CALGARY, Canada -- When professional athletes are in their off-season they are rewarded with an opportunity to take some time off, reflect on their accomplishments, and do drugs unimpeded by the watchful eye of the media. Interestingly, it is the athletes that continue to practice their skills, as opposed to those who put on aprons and make heroin pies all day, that seem to further their careers. Golfers, especially those living in colder climates, can learn from this.
Due to Canadian winters having somewhat of a satanic nature, people living in the Great White North are forced to abandon the golf courses and take refuge in their igloos or frozen mud huts. It is in these dwellings where evil will battle righteousness. The golfer who chooses to learn will be ready to emerge from his hollow and beat the ever-loving corruption out of his opponents when spring arrives.
The next obvious question then, considering that the ground is frozen 50 feet deep and polar bears are lurking around every corner, is how are we supposed to learn better golf or maintain our skill level in this unbecoming environment? As you'll soon see, there are ways.
We all know that eating too many seals, caribou, or ice otters in the off-season can expand the after dinner roll(s). However, most of us would rather stick our lips on a frozen sign pole than pass up on that second pail of whale blubber. The key to coming out of hibernation and wielding your clubs as if you never took a break requires working in harmony with the excess weight. You can turn your lardage into yardage. The best technique for doing this obligates you to spend many hours in front of the mirror examining and getting comfortable with your rounditude. It is only then that you will be one with your body, thereby granting you the mental fortitude to be one with the ball.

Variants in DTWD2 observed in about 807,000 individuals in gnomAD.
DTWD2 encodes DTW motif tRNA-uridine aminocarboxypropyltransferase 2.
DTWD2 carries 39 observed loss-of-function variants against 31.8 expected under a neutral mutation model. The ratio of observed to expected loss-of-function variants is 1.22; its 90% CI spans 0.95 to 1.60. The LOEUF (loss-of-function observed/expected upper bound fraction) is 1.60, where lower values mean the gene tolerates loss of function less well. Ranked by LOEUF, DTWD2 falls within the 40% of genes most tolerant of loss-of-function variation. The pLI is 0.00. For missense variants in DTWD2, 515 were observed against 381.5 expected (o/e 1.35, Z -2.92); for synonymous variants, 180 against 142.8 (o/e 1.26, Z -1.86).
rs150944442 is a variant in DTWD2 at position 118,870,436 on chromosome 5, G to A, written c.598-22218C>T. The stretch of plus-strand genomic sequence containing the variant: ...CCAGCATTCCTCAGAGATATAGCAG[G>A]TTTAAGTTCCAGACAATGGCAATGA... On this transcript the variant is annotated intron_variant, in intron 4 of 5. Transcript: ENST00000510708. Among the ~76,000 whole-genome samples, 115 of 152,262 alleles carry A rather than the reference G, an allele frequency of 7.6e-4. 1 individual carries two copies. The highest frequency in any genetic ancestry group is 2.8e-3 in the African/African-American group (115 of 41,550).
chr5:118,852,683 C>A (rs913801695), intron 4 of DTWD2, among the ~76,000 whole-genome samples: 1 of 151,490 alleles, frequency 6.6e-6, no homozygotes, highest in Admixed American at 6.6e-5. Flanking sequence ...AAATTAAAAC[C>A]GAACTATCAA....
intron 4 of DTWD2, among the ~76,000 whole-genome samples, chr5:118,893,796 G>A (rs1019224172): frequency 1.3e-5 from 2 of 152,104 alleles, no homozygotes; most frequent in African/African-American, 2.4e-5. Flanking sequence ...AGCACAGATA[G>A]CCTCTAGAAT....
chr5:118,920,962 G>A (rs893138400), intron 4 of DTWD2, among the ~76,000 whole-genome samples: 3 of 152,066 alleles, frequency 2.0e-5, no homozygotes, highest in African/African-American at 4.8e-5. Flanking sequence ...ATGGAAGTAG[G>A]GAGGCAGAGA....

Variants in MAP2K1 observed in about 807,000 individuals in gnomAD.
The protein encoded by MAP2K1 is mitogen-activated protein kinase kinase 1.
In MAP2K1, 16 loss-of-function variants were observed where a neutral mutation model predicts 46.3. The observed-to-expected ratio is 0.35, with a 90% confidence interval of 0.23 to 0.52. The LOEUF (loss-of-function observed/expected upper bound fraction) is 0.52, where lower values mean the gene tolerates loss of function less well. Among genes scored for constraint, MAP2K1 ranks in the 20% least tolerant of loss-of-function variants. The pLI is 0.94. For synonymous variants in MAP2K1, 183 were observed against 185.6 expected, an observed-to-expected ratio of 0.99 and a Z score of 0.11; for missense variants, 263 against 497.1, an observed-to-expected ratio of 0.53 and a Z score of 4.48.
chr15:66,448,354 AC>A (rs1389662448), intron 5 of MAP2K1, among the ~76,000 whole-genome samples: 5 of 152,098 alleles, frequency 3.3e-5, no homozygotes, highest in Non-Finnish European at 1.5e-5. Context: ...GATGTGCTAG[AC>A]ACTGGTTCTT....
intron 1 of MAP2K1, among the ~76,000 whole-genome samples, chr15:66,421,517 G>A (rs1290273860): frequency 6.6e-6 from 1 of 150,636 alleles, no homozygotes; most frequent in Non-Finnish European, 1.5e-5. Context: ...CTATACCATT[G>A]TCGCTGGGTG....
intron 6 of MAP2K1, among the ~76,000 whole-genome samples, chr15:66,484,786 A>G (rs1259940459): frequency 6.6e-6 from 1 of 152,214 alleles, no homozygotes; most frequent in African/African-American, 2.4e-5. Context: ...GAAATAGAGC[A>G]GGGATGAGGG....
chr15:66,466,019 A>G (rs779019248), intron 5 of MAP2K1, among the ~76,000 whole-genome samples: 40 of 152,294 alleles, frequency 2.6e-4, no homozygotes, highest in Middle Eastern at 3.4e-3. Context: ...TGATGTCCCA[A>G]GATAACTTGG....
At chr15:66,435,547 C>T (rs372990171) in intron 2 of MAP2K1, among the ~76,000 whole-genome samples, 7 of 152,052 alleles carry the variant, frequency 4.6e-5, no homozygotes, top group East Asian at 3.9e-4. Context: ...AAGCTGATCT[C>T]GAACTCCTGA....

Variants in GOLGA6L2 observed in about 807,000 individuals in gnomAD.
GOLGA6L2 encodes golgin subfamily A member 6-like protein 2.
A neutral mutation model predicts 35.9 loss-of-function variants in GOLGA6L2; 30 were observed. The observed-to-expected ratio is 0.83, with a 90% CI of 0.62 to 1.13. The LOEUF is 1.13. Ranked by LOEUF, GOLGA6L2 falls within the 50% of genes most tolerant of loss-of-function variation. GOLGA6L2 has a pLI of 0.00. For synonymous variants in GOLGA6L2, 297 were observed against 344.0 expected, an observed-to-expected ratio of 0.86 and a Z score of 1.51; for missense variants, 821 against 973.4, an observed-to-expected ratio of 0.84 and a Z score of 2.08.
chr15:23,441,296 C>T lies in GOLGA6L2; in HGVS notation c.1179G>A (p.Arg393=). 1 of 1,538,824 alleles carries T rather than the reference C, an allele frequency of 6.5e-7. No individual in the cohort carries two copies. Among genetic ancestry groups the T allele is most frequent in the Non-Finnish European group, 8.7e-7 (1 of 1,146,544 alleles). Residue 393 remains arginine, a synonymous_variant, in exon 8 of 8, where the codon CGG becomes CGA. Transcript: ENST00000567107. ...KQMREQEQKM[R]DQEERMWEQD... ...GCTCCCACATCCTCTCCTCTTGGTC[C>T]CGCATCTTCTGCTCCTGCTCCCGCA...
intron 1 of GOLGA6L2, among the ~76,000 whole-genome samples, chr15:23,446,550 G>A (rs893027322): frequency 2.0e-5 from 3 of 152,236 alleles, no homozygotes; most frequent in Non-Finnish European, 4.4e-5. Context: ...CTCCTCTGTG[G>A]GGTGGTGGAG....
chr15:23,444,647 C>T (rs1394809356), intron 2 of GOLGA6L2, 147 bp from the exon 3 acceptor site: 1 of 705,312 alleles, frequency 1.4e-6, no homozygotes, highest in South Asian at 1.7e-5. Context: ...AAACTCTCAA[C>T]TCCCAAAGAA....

Ice fishing is a close relative of golfing. Similar attitudes, grips, and liver conditioning fundamentals are paramount in both activities. Catching a six-pounder warrants a celebratory spectacle that corresponds to making a birdie. Also, an interlocking grip on the fishing pole has been known to protect the fingers from frostbite. And finally, fermented beverages are known to be an integral component of each sport. Go ice fishing and reap the rewards of a great sport that so wonderfully parallels the game of golf.
When a snowbound golfer picks up the clubs for the first time in spring, a horrific feeling takes control. The clubs feel foreign. They are not friendly, and they treat him that way. Stay friends with your clubs all winter. Use your three-iron to clean up Fido's regurgitation. Use your six-iron to swipe away moldy taco chips on the rug. Use your nine-iron to turn the TV on and off. Use your wedge to open and close the lid on your toilet. Whatever you do - don't reject your clubs or they'll reject you.
Take a righteous approach this winter and dedicate yourself to improving your game. When the snow melts and your house with it, it is a glorious opportunity for you not only to showcase your beautiful physique, but your athletic prowess as well. Just make sure you clean your clubs first.
December 4, 2002
Andrew Penner is a longtime member of the Canadian PGA. Author of "One Flew Over the Caddyshack," he also writes for a number of magazines throughout Canada and the U.S.
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